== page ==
As of 25 February 2021, over 250 federal cases have been brought against individuals for their alleged involvement in the siege on Capitol Hill. Hailing from over forty states and the District of Columbia, court records associated with these individuals paint a clear picture of the central role played by social media in the events of that day. While some individuals were identified through news images streamed across our screens, in many cases, these men and women were identified through their own social media posts, documenting their every location and action. Looking through the images that have emerged and cases that have been filed, the majority of individuals alleged to have entered the US Capitol on 6 January were middle-aged men. According to the Program on Extremism dataset, almost 86% of the federal cases filed so far have been against men, with an average age of 39.
However, solely looking at the federal cases that have been filed to date does not complete the picture and underestimates the role women played on 6 January. Women too were present; women entered the Capitol, women made it onto the Senate floor, and women were killed in the ensuing violence. Women’s social media presence before, during, and after the Capitol Hill Siege shows that they not only took part in, but organised, led, and claimed ownership for the events of that day. As of 25 February, 36 federal cases have been filed against women. Similar to their male counterparts, the women federally charged for participating in the Capitol Hill siege were also middle-aged, with an average age of 45. Debunking both age and gender stereotypes, women were an active part of organising and participating in the siege. While details of the cases are still emerging, initial numbers from the Program on Extremism’s dataset to date show that approximately half of those charged with having participated, both men and women, posted on social media documenting their alleged involvement.
Participants ranged from members of organised militias to individuals who seemed unbothered by their alleged illegal entry into the Capitol. Highlighting the lack of sophisticated operations for many of those involved in the siege, the majority of social media platforms used were mainstream platforms, rather than encrypted networks. For example, for both men and women, Facebook was the most popular social media platform for documenting their own alleged activities in the US Capitol. Individuals arrested have been alleged to have used a range of mainstream platforms – including Twitter, Instagram, YouTube, Snapchat, and TikTok. The widespread use of such platforms could be because rioters lacked security awareness or simply did not care and wanted to highlight their participation in the siege. Some of the more organised networks are alleged to have used more secure and peripheral social media platforms, such as Paler, Reddit, and Telegram. While it is too early to carry out a substantive quantitative analysis of the cases at present, this article explores how some women who were alleged participants in the US Capitol siege used social media to organise and document their activities.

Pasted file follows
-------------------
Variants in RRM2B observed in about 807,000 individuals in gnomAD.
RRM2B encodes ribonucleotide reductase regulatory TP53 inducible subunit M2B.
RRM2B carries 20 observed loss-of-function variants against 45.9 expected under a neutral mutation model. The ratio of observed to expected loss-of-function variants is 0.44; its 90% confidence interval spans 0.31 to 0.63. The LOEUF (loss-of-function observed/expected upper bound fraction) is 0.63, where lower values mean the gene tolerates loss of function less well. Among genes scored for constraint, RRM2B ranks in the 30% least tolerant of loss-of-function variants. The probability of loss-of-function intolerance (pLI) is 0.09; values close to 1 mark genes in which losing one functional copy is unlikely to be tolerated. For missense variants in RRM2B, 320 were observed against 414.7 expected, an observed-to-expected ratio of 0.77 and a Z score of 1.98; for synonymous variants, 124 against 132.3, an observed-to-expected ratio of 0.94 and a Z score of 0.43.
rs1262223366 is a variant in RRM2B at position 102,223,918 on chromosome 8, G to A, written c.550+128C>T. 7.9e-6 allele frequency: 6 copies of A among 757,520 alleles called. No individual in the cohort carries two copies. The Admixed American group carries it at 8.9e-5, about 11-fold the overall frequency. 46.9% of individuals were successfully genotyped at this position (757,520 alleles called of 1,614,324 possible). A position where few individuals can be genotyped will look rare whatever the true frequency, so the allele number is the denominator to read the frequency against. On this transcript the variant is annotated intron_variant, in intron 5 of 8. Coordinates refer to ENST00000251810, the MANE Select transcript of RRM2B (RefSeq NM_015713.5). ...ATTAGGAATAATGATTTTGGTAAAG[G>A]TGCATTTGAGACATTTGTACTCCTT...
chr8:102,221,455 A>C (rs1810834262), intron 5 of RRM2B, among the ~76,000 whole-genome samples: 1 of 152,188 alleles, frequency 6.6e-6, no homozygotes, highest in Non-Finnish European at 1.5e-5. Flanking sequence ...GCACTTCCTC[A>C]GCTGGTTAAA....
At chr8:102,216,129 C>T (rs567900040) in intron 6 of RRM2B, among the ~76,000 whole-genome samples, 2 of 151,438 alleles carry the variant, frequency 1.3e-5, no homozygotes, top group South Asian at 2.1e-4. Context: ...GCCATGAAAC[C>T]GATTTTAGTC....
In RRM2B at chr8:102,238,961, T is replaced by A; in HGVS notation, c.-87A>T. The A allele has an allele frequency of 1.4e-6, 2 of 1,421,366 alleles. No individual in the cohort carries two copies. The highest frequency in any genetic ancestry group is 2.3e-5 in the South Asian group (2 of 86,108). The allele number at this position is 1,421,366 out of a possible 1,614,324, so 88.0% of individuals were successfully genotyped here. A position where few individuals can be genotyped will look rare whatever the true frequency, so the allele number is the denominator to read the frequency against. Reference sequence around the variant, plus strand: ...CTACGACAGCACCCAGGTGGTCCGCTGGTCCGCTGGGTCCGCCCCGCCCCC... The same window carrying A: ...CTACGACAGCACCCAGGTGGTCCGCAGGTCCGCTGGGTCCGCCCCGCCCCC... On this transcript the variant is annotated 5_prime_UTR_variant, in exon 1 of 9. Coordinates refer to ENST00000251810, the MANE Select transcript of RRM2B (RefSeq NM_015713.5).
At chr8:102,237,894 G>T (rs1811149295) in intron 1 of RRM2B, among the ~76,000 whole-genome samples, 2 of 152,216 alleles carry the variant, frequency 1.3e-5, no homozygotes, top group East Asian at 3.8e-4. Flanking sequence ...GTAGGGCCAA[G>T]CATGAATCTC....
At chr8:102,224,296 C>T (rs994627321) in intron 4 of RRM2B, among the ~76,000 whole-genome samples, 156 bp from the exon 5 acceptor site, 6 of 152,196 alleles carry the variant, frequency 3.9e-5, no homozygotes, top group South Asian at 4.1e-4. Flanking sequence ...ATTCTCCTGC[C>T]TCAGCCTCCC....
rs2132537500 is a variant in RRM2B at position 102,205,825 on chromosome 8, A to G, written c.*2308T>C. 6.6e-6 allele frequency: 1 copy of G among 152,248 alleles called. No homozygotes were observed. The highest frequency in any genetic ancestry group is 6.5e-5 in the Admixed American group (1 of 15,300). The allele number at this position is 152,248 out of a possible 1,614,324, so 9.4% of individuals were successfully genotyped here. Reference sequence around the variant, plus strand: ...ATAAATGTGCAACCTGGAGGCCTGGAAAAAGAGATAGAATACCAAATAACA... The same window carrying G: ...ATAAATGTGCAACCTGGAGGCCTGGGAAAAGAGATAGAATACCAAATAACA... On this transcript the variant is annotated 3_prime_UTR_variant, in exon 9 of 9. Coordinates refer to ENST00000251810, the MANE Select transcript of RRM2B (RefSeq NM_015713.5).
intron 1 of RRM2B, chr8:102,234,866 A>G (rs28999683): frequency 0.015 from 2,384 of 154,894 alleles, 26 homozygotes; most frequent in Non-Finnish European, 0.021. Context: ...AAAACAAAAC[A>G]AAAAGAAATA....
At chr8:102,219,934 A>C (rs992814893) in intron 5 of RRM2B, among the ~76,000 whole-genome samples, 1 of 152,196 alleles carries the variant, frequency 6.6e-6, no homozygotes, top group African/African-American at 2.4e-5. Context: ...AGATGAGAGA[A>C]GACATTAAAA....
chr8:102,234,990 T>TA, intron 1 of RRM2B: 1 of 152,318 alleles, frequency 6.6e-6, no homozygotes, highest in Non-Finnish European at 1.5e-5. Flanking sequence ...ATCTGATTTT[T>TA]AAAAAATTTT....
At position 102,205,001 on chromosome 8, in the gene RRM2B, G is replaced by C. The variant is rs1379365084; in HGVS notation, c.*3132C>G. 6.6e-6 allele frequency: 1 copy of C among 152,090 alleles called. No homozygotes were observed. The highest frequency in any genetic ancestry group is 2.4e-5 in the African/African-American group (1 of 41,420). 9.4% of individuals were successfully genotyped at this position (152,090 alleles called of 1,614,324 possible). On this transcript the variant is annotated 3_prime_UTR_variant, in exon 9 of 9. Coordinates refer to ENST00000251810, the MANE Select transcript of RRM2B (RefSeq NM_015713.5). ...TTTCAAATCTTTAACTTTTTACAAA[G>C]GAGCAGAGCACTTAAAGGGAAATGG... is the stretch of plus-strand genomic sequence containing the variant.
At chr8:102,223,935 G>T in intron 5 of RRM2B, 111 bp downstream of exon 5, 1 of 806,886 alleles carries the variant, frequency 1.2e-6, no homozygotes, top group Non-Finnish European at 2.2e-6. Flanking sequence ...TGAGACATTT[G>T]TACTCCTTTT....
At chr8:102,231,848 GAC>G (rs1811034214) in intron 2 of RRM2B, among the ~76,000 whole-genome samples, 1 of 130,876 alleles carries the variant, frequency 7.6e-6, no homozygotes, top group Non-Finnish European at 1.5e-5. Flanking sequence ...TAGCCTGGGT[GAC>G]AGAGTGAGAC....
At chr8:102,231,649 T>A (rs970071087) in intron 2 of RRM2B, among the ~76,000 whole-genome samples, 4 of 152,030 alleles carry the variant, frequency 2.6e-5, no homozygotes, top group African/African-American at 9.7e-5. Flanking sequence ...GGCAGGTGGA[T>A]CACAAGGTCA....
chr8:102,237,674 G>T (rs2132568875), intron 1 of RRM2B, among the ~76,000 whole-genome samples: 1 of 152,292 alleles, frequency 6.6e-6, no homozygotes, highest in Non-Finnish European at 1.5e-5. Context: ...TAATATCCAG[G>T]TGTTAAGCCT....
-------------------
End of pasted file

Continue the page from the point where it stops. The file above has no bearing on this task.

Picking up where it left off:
Motivated by an assortment of ideologies ranging from conspiracy theories to domestic violent extremist ideologies, participants of the 6 January siege were there because they believed, for a variety of reasons, that the election was stolen. Many individuals involved did not think they were doing anything wrong. They simply thought they were upholding their patriotic duty and stopping the ‘steal’ of what they believed to be a stolen election. The prevalence of the hashtag #stopthesteal used on social media platforms by women involved in the 6 January events highlights this point. The hashtag was used by Jessica Watkins, an alleged leader in the militia group the Oath Keepers, who used it in Parler posts before and after storming the Capital. It was also used in a Facebook post by Rasha Abual-Ragheb, who had an alleged history of involvement in Facebook and Telegram chats associated with the New Jersey chapter of American Patriot 3%, a militia movement with affiliation to the wider Three Percenters concept. The pervasiveness of this hashtag reflects the worrying trend of misinformation, disinformation, and conspiracy theories online.
The diverse group of actors involved in the siege, using a variety of social media platforms to organise and communicate, also shows a disturbing trend for counter-terrorism officials. Some of these groups were more organised, using secure networks. For example, court documents related to a network of conspirators allegedly associated with the Oath Keepers, who planned travel and operations in the Capital siege, including four women, Jessica Watkins, Sandra Parker, Laura Steele, and Connie Meggs. According to the Federal Bureau of Investigation (FBI), Watkins, an alleged leader of the group, and others used the push-talk application (app), Zello as a means of communication and coordination during the attack. The Zello app allows smartphones to act as Walkie-Talkies, while also providing messaging services and live location tracking for iOS or Android devices. Prior to the 6 January events, the FBI alleges that Watkins instructed a recruit to download the app since they would “all use Zello through the operations.” Court documents indicate that on 6 January, Watkins and others allegedly used a Zello channel titled “Stop the Steal J6” to provide location information and logistical details during the siege.